Throughout Tolkien's professional career he dealt with a great number of texts that had varying views on the heroic, the romantic, the everyday world, and the role of Faerie. One consistent tendency among them, though, is to treat the past, and particularly Anglo-Saxon heritage, with a great deal of respect while trying to find ways to incorporate themes or ideas from that time into his own imaginative subcreations. Tolkien's use of alliterative verse serves to re-contextualize an ancient heroic ethos in a way that shows how heroism has changed, and must change, for the modern world. This paper examines Tolkien’s use of alliterative poetry in the climactic “Battle of Pelennor Fields” in Book V of The Lord of the Rings. It provides two important insights into Tolkien’s poetry: the fidelity that Tolkien has to traditional alliterative verse form and the impact that inclusion of this medieval poetry has on a modern audience.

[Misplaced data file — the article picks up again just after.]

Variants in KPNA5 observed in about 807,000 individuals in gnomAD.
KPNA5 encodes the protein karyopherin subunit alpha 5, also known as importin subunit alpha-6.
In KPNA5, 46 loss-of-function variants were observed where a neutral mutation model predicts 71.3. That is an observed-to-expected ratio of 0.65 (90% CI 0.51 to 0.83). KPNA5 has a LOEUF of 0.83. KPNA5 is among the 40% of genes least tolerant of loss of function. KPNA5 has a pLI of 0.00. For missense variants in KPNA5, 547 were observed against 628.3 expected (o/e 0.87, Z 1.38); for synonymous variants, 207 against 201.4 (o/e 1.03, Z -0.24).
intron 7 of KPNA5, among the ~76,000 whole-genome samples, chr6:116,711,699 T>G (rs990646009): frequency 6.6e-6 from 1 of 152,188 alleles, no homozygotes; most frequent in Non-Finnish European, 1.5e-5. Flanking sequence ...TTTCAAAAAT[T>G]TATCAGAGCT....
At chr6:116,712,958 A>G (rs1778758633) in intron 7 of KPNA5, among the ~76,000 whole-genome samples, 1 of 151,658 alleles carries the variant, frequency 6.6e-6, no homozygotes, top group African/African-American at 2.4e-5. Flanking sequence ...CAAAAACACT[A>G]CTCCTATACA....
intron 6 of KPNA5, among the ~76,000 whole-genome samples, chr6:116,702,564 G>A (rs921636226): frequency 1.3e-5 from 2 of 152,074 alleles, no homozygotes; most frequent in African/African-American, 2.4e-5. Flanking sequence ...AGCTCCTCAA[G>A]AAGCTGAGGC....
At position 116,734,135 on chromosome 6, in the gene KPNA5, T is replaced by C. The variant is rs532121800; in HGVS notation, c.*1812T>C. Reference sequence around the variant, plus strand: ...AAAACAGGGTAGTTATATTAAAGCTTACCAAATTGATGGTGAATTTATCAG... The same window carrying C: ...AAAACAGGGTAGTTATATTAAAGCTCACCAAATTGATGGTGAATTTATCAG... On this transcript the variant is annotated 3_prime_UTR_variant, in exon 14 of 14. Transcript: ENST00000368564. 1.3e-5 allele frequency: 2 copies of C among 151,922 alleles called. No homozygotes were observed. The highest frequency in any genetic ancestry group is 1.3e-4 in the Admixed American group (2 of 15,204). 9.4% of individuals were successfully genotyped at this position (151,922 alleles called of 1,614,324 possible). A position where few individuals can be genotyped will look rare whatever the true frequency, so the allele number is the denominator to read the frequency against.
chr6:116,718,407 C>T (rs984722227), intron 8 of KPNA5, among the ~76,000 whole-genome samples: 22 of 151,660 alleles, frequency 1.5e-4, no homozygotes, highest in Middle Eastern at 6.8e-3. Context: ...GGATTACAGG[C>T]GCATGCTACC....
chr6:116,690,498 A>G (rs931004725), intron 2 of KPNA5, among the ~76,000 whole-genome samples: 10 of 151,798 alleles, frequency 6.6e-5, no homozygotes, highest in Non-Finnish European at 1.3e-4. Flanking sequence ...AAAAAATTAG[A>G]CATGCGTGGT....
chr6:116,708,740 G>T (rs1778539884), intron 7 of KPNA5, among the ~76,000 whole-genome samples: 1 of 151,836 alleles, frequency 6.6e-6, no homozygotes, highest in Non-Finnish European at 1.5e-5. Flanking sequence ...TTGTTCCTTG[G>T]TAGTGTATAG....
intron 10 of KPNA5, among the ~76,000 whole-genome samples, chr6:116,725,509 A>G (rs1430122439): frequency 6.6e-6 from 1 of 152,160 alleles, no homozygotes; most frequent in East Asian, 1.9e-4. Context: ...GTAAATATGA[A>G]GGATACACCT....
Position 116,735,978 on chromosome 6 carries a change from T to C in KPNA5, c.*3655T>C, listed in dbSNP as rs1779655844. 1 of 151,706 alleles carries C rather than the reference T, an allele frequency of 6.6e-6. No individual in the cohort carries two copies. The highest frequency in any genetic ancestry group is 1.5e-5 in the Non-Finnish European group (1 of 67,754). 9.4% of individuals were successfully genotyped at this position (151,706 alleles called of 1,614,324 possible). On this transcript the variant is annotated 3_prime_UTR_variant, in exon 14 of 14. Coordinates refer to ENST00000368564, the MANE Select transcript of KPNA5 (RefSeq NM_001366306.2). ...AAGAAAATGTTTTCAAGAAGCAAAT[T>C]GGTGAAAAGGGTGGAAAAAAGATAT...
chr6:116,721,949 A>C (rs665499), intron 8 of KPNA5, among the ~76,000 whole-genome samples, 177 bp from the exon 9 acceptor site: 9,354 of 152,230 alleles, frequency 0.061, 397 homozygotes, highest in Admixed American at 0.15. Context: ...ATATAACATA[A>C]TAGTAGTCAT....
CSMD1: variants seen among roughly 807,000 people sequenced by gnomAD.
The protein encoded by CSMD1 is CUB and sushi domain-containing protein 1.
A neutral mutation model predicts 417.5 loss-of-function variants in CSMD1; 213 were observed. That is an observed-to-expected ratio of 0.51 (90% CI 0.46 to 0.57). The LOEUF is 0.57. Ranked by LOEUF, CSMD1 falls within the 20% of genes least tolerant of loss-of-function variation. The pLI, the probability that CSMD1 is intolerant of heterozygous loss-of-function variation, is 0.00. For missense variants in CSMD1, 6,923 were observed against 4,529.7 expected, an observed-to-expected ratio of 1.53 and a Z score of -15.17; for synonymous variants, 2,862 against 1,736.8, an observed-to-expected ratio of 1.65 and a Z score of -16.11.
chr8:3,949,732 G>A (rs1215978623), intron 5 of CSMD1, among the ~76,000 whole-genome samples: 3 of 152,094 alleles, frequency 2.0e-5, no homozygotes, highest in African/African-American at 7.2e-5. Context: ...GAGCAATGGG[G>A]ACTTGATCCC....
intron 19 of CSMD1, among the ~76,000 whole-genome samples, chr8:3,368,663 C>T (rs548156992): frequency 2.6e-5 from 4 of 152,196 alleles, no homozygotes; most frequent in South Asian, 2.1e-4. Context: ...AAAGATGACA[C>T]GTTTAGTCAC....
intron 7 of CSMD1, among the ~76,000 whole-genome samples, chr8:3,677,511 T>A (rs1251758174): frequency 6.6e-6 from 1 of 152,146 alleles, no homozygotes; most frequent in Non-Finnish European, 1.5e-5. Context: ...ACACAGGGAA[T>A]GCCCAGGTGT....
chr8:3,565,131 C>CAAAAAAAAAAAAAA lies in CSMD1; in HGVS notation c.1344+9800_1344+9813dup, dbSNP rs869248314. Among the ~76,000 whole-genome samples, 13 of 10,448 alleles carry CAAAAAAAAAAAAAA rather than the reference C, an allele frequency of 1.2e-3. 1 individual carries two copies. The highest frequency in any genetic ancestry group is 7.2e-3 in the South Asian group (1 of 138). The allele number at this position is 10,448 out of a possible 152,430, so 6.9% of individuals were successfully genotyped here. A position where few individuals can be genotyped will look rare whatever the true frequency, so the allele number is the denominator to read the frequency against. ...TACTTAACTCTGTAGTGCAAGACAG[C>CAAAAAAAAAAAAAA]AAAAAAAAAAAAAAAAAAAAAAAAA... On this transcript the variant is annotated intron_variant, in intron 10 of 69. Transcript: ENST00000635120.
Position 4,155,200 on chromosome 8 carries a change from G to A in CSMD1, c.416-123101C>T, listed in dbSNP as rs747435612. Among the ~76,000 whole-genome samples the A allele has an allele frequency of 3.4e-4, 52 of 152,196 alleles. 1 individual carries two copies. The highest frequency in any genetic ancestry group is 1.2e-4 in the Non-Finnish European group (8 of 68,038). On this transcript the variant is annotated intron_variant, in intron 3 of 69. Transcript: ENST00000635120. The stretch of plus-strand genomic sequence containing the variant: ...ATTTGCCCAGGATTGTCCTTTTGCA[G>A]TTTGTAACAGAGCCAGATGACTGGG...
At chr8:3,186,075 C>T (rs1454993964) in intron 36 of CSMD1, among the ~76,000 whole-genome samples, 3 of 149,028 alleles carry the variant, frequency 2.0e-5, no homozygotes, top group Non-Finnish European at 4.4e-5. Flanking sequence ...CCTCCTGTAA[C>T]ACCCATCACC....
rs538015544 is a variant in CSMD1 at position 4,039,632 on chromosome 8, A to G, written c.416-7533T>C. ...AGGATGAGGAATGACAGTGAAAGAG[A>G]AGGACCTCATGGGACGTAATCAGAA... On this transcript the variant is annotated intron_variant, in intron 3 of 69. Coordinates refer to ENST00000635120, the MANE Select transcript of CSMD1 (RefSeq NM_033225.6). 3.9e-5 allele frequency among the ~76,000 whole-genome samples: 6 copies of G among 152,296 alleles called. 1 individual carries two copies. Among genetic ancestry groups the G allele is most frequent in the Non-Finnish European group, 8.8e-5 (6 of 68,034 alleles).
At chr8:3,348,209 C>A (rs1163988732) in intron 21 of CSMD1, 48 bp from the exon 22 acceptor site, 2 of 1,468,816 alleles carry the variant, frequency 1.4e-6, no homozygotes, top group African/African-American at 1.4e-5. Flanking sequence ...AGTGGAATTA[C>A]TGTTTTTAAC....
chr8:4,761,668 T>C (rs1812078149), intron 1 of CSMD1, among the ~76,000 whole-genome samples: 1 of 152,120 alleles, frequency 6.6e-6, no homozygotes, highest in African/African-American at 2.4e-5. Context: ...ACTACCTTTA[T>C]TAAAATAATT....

"Eomer Gets Poetic: Tolkien's Alliterative Versecraft,"
Journal of Tolkien Research: Vol. 5:
1, Article 6.
Available at: https://scholar.valpo.edu/journaloftolkienresearch/vol5/iss1/6